Do You Know What’s in Season?
If I had a dollar for each time I asked this question and people did not know, I would not be writing this – at least not from my desk. I would be retired and sitting on the beach in a comfy chair on a tropical island with a cool drink (agua fresca anyone?) in my hand because I would have amassed major wealth. From that beach perch, in or near the tropics, what would be in season? Coconuts, mangoes, avocados but certainly not brussels sprouts, winter squash or parsnips.
What prompted me to write this post (which I have started a hundred times before now)? I read a Facebook post from someone who said that they cooked brussels sprouts (yes, I am mentioning them again because I do love them as one of my favorite cruciferous vegetables – see my book Nutrition CHAMPS and look at the C category for more info on why I love this class of vegetables) and wheat berries for lunch. She is not the only one. People are still eating winter squash. This is, however, the begining of July. And what’s in season now?
Well, I can tell you exactly what’s in season in where I live because I just did a cooking demonstration at the Ferry Plaza Farmer’s Market in San Francisco, about the pressure cooker and my new book. The menus are based on what’s fresh at the moment (see these charts to find out). I cooked an Enlightened Four Bean Salad and Herbed Summer Squash with Walnuts, both of which I cooked in the pressure cooker. I have to coordinate what I cook with what the farmers are selling – right then.
I walked the market and I can assure you that there was not a Brussels sprout in sight. There were other cruciferous vegetables such as kohlrabi, cabbage, broccoli and cauliflower but even bok choy (which is still in season where I live just 60 miles north) was nowhere to be found.
Here are a couple of easy ways to know what’s in season:
- Grow your own food, if you can,
- Shop at a farmer’s market, or
- Join a CSA (community supported agriculture program).
You will clearly see what’s growing. If you see brussels sprouts, you will know that you live in a much cooler climate than I do but my guess is they are not growing many places in the summer. Do you know how I know? (I am not clairvoyant.) They are a cool season crop, and taste best when the weather is cool.
My simple guide for knowing what’s in season:
Spring is shoots: such as asparagus, leeks, onions, peas;
Summer is fruits: actual fruit such as stone fruit and the fruit of plants such as tomatoes, cucumbers, zucchini, peppers, eggplant and much more which tend to be lighter and contain more liquid;
Fall is a continuation of summer with the addition of some of winter’s bounty: such as the first of the winter squash (which can last for 3 to 6 months if stored properly); and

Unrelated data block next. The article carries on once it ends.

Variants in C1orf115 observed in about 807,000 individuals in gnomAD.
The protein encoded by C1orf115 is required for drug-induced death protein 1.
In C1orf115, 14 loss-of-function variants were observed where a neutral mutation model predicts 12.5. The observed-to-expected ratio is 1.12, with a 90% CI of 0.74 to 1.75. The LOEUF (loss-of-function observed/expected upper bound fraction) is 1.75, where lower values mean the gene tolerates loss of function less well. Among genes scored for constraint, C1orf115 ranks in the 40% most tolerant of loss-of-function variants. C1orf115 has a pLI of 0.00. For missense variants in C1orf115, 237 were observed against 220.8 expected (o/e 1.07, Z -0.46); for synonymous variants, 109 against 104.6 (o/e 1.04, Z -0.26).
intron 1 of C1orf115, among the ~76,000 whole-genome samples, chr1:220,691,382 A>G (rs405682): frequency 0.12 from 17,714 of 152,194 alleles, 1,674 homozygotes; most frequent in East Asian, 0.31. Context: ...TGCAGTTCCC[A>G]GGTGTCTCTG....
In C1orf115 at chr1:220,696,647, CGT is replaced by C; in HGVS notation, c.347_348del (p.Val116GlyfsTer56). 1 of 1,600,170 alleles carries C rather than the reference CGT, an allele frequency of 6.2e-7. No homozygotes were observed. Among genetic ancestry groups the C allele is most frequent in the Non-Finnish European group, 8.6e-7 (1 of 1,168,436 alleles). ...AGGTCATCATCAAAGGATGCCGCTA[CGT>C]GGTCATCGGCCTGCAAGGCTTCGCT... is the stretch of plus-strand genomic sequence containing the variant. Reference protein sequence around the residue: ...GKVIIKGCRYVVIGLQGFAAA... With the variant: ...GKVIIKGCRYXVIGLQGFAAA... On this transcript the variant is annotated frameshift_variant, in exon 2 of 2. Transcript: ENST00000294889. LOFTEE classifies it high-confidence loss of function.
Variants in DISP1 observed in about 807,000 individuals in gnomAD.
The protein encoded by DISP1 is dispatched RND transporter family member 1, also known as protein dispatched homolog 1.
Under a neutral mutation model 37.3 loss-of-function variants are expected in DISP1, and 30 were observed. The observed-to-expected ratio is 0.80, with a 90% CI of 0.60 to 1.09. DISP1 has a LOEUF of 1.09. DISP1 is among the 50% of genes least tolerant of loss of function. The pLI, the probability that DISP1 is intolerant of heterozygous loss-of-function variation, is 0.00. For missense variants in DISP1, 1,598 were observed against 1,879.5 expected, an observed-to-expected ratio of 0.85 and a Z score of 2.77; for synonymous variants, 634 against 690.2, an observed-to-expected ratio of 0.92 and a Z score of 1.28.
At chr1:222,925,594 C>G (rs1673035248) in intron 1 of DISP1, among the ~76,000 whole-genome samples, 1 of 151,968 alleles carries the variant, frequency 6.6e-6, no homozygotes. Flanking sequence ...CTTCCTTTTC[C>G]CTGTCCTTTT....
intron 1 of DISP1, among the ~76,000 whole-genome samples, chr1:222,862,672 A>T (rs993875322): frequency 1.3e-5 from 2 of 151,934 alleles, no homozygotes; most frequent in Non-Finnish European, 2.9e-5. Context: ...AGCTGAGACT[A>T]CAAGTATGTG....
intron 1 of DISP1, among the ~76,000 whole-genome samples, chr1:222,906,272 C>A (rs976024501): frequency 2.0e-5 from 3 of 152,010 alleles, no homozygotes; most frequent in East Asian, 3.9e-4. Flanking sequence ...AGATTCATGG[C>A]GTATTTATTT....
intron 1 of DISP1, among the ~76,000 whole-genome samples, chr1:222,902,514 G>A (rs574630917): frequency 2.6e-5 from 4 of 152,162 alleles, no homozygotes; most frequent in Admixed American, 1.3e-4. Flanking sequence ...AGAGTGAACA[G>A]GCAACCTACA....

Winter is Roots: such as beets, parsnips, celery root, turnips, rutabaga, etc.
If you want a more extensive look, check out this chart. Somehow nature has a way of providing the types of foods we need as we need them, thus summer produce include more watery foods when it tends to be hotter out (it’s more than 95 degrees here today).
There are foods that we don’t even think of as seasonal but they are such as potatoes and sweet potatoes, which for me are a summer and fall crop; garlic which is generally harvested in June and July and then it’s cured and ready to use and eat in August or September and it’s spent by January. Kohlrabi and radishes can be found many times of year and their season depends upon geography and the soil where you live. Rarely is anything at its peak throughout the entire year. Shopping in your supermarket or big box store will give you a skewed view of what’s in season – it’s all there, almost all the time.
So, what does all this mean?
This post is not about being right or wrong. It’s about thinking about how you get the freshest food available. Generally fresher food, grown with more attention, love and care will have more nutrition and higher antioxidant values. (Don’t ask me to prove this although if you do a side by side comparison of store bought versus farmer’s market grown produce and you will know which has more flavor which might be a clue to its nutrition content.) My chef friends and I agree that food doesn’t generally taste better than what you started with so start with the best that you can easily get and afford. After all, in order for eating to be sustainable, you must be able to eat comfortably within your budget.
- Enjoy your summer tomatoes and beautiful berries.
- Eat what’s fresh and tasty.
- Even though you love Brussels sprouts (insert your favorite fall or winter crop), save them for when they are truly in season, and savor them.
My husband (the oh so non-foodie) commented recently about the tomato that he found on top of his veggie burger: “You don’t usually give me tomatoes. And this one is good.” I went on to explain that he hasn’t had a tomato since last fall because it hasn’t been “tomato season” but they are now starting to come in. So my twenty plus years of blabbing has been almost for naught with my husband but I hope that it won’t be that way for you.
Consider the seasons when choosing what to eat. I can assure you that a fresh, ripe summer nectarine (or tomato) cannot be matched by one imported from Chile in January. Save your Brussels sprouts for the cool of winter. For summer, slice up a variety of colors of ripe summer tomatoes, add chopped basil, a drizzle of balsamic vinegar, salt and pepper, and enjoy. But if you must have your cruciferous vegetables, enjoy a lighter summer slaw.
Here is my latest slaw recipe. Feel free to add other vegetables that you like that are in season.